By Joe Campbell
February 20th, 2009
A rough draft of a thought:
There is a substantial difference in how many people view the market today that this financial crisis has brought out into the open. Some view the market primarily in moral terms – on both the left and right. Others view the market in mechanistic terms.
You can see this in the opposition of some extremists to any type of stimulus at all – believing that the market is sacred and the government an often unnecessary evil interfering in the market. You can see this in those on the left who believe the market creates fundamentally unfair situations or fundamentlly unjust processes. You can see this in the outrage many people feel at bailing out bankers, borrowers, shareholders – or anyone. In essence, those who view the market in moral terms tend to fall in two camps:
- Those who see blame our current crisis on the perversion of capitalist values, as people neglected to save, were pressured by the government to make bad loans, borrowed too much, were rewarded for short-term success, etcetera. (Capitalist values here mean a combination of Max Weber’s Protestant Work Ethic – diligence, hard work, and restrained expenditure among others – and libertarian values – freedom from government interference or coercion among others.)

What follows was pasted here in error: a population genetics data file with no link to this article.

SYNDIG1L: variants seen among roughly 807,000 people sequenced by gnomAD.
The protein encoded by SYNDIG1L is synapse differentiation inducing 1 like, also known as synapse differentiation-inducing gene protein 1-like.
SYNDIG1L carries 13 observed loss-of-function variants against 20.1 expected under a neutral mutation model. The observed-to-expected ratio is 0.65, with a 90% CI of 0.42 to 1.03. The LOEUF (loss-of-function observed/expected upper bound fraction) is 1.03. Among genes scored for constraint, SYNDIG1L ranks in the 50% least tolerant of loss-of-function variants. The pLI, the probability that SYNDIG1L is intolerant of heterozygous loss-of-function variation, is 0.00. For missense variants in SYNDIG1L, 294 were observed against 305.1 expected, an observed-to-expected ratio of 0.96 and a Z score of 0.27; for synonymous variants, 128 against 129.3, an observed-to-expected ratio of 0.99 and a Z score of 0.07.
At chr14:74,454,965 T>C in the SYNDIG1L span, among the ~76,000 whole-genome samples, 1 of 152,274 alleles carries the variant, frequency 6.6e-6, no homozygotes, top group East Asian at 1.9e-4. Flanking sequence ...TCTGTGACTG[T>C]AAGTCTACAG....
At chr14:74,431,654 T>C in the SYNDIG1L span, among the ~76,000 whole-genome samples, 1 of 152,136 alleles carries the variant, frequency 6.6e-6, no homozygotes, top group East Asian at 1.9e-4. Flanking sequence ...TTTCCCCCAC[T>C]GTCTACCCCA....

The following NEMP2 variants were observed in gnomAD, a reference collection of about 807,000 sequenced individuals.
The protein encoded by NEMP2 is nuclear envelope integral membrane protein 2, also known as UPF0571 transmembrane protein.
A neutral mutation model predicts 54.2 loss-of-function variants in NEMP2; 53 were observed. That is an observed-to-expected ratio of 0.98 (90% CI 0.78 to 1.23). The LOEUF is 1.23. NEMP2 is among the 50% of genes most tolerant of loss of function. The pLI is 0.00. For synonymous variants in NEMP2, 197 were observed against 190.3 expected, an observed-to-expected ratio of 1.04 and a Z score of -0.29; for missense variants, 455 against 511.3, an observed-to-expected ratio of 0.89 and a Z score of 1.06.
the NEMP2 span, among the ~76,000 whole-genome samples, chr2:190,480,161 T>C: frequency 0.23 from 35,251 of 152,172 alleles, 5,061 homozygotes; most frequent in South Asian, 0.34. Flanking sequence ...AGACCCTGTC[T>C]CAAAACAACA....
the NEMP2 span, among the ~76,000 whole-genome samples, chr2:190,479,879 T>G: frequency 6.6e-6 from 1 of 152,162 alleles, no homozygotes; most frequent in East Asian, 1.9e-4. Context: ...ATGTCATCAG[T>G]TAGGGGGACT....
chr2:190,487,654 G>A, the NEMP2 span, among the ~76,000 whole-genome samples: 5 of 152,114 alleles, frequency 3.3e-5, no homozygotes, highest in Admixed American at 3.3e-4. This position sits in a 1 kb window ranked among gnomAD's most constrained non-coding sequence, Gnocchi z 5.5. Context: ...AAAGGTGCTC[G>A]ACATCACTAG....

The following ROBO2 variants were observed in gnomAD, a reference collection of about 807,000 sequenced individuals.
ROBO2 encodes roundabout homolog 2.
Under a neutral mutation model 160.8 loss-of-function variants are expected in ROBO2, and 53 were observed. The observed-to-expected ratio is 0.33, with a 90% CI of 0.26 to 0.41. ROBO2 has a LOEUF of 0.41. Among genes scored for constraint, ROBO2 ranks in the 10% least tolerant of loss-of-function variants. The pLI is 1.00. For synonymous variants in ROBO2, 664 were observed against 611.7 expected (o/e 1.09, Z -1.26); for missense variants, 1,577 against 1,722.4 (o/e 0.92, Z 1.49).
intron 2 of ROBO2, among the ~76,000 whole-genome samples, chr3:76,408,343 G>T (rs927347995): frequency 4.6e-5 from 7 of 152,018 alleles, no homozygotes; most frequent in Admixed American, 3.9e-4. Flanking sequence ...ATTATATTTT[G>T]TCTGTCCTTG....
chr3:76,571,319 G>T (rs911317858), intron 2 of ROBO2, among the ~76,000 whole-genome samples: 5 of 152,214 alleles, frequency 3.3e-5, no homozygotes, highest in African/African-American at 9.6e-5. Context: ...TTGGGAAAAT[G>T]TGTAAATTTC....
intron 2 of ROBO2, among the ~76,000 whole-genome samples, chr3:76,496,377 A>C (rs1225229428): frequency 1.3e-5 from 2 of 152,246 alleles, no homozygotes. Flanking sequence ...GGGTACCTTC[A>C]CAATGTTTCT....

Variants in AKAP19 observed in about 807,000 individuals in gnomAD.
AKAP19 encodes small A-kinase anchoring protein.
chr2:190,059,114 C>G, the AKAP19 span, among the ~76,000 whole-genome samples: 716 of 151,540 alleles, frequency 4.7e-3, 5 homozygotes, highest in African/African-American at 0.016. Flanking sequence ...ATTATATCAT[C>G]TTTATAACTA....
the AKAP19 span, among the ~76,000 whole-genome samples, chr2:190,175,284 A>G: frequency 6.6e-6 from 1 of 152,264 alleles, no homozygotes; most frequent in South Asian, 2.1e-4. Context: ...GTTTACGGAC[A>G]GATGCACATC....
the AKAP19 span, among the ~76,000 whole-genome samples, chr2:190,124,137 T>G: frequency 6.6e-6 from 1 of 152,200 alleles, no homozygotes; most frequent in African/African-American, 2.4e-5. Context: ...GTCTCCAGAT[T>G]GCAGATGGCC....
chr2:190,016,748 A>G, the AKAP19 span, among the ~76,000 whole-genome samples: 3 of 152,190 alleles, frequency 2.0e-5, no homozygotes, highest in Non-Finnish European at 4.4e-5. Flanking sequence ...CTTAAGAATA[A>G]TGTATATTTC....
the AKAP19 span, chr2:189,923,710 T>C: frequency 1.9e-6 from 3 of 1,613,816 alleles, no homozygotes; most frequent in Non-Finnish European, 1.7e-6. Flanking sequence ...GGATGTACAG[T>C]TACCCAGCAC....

- Those who see the roots of our current crisis extending back many years and blame it on the fact that capitalist values are perversions themselves. (Some of these thinkers focus on ends; the others on means. Income inequality and pollution are important issues for those who focus on ends. Government corruption by big business is a major issues for those who focus on means. These people see capitalist values as greed, selfishness, exploitation, social Darwinisn – all of which pervert our society and individual nature.)
I’m not sure everyone – or even most people – consciously take any of these positions, and I’m sure most people have contradictory perceptions. But those on the left and the right with strong opinions seem to fall comfortably in one camp or another.
On the other hand are those who see our economy as a machine. Specifically, this machine can be seen to produce something of great worth: increasing opportunity which is considered the main guarantee of societal stability. The question for those who take this approach to the economy primarily is, ‘How do we fix this?’ There is little worry about helping ‘losers’ and those who did wrong; there is no attempt to overthrow the entire capitalist system. Instead of treating the economic theory as a theological matter, they treat it as a mechanical matter. Something is gumming up the works; something is out of place. A mechanic doesn’t make a moral judgment about whether a cog or spring is doing it’s job – he does what he needs to do to get the machine running again.
As with the two types of moral judgments, many of those who are tackling this issue from a mechanical perspective also probably have moral opinions about what is going on. But they believe that fixing the machine is more important than judging who has sinned. Thus they pump money into banks that acted badly; they help bail out car companies that have been managed poorly; they help those homeowners who agreed to bad loans.